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Old April 25, 1999, 11:49 PM   #1
cornered rat
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Is there any way to figure out where my shot is going (hihg/low/side)? I must be the worst skeet shooter with both a Remingotn 11 autoloader and a nice Browning double.

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Old April 26, 1999, 01:22 PM   #2
Rob Pincus
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Rat,\

Without being there to see how/where you are shooting, it is kinda hard to guess what the problem is..but:

Start at the first station and just keep shooting until you are breaking them consistently. The leads there are minimal and you should be able to get a feel for the targets pretty quickly..

Then move to the next station and follow the same procedure.

Byt the time you get near the middle the problem most peoplehave is a lack of lead.. you need to lead about twice as much as you would think. And don't try "meet" the bird or rifle it out of the air.. you have to move the gun, pick up the bird, pull through it, get in front of it and then, pull the trigger.

Remember that the shot cloud not only expands outward, but in length also.. the cloud may be 4-6 feet long by at the bird's range.. imagine throwing the cloud in front of the bird.. you want the bird to run into your cloud of shot.. the best broken birds break front end first, that gives you the biggest margin of error.

Trying to learn Skeet by shooting a regular round is tough.. the leads change every 4 or 5 shots, so there is no pattern to learn by.. you have to go station by station to really learn properly.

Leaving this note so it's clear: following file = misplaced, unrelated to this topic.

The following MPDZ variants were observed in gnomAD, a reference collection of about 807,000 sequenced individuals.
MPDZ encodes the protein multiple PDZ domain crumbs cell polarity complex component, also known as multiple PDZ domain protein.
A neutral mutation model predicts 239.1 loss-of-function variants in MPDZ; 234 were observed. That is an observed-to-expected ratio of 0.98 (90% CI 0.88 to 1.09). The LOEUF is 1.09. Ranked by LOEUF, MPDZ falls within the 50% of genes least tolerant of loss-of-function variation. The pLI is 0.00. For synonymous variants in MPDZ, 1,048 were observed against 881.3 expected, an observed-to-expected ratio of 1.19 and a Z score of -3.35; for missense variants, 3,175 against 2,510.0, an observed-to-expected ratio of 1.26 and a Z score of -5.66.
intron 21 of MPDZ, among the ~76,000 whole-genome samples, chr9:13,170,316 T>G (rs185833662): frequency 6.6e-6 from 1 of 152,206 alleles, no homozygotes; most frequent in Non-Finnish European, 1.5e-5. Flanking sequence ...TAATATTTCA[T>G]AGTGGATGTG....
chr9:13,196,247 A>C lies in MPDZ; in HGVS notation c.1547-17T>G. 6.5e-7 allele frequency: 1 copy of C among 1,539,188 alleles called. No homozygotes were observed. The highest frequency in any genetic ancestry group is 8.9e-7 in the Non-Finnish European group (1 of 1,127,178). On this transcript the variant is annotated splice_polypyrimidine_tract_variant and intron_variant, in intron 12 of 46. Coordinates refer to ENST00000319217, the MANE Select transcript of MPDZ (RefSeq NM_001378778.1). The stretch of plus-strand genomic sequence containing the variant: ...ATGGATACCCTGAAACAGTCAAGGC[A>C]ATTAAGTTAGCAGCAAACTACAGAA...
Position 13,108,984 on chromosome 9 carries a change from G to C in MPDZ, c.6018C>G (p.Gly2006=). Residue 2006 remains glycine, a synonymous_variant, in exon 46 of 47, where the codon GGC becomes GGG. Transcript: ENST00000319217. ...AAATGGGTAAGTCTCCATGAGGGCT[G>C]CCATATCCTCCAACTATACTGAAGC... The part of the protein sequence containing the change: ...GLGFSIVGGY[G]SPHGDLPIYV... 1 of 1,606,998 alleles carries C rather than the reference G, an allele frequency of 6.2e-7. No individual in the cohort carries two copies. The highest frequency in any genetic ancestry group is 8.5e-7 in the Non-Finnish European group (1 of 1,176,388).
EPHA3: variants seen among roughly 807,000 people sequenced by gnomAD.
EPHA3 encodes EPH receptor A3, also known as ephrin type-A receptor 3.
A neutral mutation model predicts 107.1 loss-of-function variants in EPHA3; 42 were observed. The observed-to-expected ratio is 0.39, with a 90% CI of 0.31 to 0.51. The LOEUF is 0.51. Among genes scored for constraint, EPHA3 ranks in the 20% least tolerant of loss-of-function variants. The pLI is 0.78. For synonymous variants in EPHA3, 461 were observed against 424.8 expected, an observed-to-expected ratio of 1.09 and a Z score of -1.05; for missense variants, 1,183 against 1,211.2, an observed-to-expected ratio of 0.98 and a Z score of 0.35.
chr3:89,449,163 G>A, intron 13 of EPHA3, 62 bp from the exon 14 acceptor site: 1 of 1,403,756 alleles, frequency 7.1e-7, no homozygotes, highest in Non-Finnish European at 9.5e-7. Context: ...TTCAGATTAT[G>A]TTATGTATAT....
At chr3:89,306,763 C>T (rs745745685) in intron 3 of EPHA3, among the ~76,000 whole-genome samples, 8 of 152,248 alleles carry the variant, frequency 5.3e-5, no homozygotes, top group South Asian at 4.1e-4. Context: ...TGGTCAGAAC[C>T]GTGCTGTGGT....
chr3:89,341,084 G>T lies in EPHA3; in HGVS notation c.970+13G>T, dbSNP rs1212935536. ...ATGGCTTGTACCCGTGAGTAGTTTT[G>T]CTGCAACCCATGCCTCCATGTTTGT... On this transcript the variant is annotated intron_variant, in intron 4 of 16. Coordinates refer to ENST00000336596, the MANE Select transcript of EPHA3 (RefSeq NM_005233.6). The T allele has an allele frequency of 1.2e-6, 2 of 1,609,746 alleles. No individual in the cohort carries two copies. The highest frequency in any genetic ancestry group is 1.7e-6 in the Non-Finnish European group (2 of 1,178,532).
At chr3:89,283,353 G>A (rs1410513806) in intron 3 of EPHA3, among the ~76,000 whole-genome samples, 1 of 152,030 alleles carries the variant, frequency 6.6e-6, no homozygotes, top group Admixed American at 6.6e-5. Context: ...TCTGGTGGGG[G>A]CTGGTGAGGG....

good Luck.
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Old April 26, 1999, 05:46 PM   #3
NJW
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I would try and find someone who is an experienced skeet shooter to help you. Not only could they help with where your are shooting, they could probably also help with getting you to break more of them. Being able to se where your shot went takes some pratice. I worked at a trap & skeet club when I was in high school and got real good a seeing where the shot was when there was a miss.

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Old April 26, 1999, 05:52 PM   #4
NJW
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I just thought of another point. I would also guess by looking at what you type of SG's you are using, you don't have the correct choke. Skeet requires almost no choke so the shot pattern can open up quickly.
I would guess that the Rem 11 has a full or mod choke and the Browning double has a mod choke in one barrel and a full in the other. These choke constrictions are too tight for shooting skeet. It can be done but you have to be very precise. I would reccomend making sure you have the proper choke before you go out and shoot any more shells.

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Old April 27, 1999, 10:21 AM   #5
fal308
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Also don't try to aim a shotgun like a rifle. A popular slogan is; rifles are aimed - shotguns are pointed. Shotguns require a lead as described above.
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Old April 27, 1999, 07:30 PM   #6
Rob Pincus
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While it is true that you should have "Cylinder" chokes for skeet, there is no way to tell what chokes are in your gun with the information you have given us.

If you have interchangeable chokes, take them out and read what is said on them, if it is a fixed choke, the barrel should be marked.

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